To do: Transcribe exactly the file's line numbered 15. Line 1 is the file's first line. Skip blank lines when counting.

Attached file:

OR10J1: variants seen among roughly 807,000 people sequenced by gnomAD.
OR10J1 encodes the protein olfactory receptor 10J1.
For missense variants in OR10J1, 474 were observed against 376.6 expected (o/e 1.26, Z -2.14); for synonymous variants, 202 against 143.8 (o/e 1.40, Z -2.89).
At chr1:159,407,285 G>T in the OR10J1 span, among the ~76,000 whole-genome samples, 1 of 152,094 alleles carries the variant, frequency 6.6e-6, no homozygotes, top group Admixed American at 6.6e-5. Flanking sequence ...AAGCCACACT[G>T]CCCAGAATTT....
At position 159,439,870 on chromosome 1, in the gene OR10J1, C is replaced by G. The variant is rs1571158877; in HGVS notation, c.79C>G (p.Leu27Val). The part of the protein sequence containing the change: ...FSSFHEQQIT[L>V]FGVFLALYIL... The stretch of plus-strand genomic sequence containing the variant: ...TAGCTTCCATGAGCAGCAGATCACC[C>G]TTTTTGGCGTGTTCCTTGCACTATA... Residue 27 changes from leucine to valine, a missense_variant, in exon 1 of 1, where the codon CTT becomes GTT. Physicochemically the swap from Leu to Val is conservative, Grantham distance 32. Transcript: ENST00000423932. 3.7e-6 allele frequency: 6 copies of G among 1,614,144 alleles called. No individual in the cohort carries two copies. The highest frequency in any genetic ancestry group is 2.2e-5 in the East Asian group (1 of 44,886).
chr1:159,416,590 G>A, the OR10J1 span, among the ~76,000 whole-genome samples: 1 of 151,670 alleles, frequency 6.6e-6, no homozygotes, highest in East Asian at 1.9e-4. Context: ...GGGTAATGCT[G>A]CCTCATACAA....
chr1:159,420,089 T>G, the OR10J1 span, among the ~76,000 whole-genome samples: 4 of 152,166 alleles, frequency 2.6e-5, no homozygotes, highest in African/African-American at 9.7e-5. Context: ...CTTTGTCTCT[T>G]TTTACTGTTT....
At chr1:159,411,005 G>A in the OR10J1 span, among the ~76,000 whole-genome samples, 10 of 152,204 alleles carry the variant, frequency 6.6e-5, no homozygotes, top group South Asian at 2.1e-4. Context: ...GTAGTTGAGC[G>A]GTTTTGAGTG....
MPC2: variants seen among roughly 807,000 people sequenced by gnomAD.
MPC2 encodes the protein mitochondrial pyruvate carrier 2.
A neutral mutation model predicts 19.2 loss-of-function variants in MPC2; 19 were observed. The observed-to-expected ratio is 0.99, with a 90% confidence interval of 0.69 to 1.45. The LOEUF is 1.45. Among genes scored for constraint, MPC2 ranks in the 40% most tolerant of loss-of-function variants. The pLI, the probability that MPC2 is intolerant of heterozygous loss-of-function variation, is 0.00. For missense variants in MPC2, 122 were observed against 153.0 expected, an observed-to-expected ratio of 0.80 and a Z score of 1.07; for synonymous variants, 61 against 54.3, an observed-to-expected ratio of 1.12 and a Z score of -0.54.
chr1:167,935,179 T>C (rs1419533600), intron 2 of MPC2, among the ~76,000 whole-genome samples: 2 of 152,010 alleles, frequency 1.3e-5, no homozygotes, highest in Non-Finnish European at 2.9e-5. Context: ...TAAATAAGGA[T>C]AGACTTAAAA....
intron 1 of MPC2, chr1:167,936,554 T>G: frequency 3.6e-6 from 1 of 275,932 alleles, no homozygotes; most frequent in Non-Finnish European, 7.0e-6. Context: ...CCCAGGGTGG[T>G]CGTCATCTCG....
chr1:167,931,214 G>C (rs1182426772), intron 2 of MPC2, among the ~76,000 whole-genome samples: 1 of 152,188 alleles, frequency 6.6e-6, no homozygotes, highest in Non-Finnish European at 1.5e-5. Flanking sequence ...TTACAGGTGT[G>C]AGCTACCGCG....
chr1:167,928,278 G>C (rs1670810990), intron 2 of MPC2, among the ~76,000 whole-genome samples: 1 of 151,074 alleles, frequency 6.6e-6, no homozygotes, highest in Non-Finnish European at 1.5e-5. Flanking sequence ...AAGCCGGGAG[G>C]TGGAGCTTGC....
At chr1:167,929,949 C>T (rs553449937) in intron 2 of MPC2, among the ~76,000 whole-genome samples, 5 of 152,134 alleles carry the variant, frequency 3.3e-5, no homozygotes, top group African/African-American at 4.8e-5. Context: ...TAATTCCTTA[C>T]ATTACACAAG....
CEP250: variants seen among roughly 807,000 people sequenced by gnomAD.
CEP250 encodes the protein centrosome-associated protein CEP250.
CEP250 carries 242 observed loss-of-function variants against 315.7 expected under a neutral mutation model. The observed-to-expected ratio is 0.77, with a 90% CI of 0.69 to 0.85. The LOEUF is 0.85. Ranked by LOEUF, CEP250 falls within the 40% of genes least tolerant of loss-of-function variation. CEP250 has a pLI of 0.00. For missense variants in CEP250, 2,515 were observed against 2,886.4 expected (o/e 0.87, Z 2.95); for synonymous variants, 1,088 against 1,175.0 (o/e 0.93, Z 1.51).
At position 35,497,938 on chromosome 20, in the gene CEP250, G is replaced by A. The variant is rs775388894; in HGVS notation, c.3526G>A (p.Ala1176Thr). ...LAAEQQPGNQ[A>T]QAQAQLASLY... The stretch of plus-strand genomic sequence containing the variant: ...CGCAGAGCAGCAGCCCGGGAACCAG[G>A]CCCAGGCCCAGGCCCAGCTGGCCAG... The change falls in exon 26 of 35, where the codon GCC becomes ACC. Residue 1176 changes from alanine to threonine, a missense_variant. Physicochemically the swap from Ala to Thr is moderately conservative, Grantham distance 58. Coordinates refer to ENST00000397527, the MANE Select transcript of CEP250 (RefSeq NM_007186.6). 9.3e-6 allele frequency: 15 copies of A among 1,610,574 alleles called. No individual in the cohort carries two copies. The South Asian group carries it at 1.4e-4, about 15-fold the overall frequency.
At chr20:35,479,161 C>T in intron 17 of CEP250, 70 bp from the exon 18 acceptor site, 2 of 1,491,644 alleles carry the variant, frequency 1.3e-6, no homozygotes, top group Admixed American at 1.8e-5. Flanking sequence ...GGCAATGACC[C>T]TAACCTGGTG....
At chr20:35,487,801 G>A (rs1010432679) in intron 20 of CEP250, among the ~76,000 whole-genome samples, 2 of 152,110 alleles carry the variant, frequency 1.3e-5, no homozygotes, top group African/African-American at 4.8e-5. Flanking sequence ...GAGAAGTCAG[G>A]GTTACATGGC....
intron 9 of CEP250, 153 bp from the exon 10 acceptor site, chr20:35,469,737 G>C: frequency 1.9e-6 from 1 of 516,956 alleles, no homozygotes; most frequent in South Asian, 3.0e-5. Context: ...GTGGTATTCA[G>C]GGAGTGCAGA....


chr1:167,928,278 G>C (rs1670810990), intron 2 of MPC2, among the ~76,000 whole-genome samples: 1 of 151,074 alleles, frequency 6.6e-6, no homozygotes, highest in Non-Finnish European at 1.5e-5. Flanking sequence ...AAGCCGGGAG[G>C]TGGAGCTTGC....